The real advantage of building an in-house offensive security discipline is enabling the business overall to be proactive. We have gotten used to security being this thing where we wait around for something to happen and then we put all of our efforts into minimizing and mitigating that thing. This is part of the Firefighter approach I always talk about, but remember, Firefighters also see prevention as a big part of their job.

SIDEBAR: From a value proposition standpoint, you should approach offensive security as critical to your company's ability to significantly reduce risk. While offensive strategies do not replace the defensive strategies everyone should employ, a sound offensive strategy can reduce the risks your defensive strategy has to focus on, and that can lead to long-term cost savings. Articulating the value of your security program using the onion method (defense in depth) is a great way to help non-technical people understand the rationale behind layers of security that might seem costly on the surface but really save money in the long run.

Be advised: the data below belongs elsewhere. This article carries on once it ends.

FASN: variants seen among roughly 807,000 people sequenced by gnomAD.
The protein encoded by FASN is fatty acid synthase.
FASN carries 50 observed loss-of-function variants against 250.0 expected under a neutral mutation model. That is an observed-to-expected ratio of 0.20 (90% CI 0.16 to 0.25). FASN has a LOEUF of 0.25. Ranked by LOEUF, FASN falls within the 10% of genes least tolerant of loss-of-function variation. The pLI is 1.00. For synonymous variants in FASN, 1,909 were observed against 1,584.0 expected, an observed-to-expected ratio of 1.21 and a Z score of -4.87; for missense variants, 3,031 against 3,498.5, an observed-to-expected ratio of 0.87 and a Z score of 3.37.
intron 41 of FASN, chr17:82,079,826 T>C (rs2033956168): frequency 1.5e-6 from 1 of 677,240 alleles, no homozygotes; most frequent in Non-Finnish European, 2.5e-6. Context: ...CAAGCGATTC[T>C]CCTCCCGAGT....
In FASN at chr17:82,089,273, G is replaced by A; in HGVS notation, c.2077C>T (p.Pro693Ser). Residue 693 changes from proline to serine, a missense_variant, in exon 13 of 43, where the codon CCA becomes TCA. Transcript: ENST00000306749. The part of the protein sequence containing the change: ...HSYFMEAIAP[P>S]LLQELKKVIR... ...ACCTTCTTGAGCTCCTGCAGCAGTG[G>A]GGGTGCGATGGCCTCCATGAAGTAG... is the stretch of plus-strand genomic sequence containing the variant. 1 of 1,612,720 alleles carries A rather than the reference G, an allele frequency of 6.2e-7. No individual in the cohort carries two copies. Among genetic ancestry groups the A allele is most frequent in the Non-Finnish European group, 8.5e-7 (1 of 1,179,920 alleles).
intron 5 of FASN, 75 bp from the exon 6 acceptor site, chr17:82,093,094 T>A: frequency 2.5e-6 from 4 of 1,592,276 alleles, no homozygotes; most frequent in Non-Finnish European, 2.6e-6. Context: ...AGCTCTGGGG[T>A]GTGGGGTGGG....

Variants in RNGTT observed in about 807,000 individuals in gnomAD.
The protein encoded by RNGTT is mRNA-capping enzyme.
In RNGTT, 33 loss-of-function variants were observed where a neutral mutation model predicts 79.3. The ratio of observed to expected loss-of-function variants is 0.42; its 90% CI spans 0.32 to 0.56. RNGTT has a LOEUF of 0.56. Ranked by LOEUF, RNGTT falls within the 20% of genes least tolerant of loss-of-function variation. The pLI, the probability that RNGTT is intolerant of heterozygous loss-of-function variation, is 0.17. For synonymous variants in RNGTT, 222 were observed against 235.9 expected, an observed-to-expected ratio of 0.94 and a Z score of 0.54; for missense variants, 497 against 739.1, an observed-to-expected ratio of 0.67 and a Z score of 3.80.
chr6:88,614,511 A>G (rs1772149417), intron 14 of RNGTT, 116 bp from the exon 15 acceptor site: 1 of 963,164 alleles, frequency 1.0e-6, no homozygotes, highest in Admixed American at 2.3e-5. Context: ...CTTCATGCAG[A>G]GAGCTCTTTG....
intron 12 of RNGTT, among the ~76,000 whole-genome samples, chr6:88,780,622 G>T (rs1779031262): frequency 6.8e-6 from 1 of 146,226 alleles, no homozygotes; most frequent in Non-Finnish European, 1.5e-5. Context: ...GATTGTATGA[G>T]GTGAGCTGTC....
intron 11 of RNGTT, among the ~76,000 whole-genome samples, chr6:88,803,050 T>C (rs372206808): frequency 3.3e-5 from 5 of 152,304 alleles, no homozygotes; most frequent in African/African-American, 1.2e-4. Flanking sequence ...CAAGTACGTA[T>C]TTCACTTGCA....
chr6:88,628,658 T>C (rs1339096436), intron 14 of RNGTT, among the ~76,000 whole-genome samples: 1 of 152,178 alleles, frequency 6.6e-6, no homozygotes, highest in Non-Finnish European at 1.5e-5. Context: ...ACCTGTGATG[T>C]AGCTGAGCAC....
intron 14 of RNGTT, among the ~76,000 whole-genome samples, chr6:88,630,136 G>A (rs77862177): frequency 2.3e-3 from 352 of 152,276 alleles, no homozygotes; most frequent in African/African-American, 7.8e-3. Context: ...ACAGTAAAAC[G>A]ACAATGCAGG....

The Passing Game (Outward-Facing)

Your passing game should involve the things I'm sure you're already familiar with like penetration testing, app sec testing, and red teaming. The key here is to leverage personnel to identify weaknesses using exploits that are similar to what you'd expect threat actors to use. We want to game our own systems, safely, to minimize and mitigate risk. This is us taking the ball into our own hands, and being proactive to solve issues that create risk.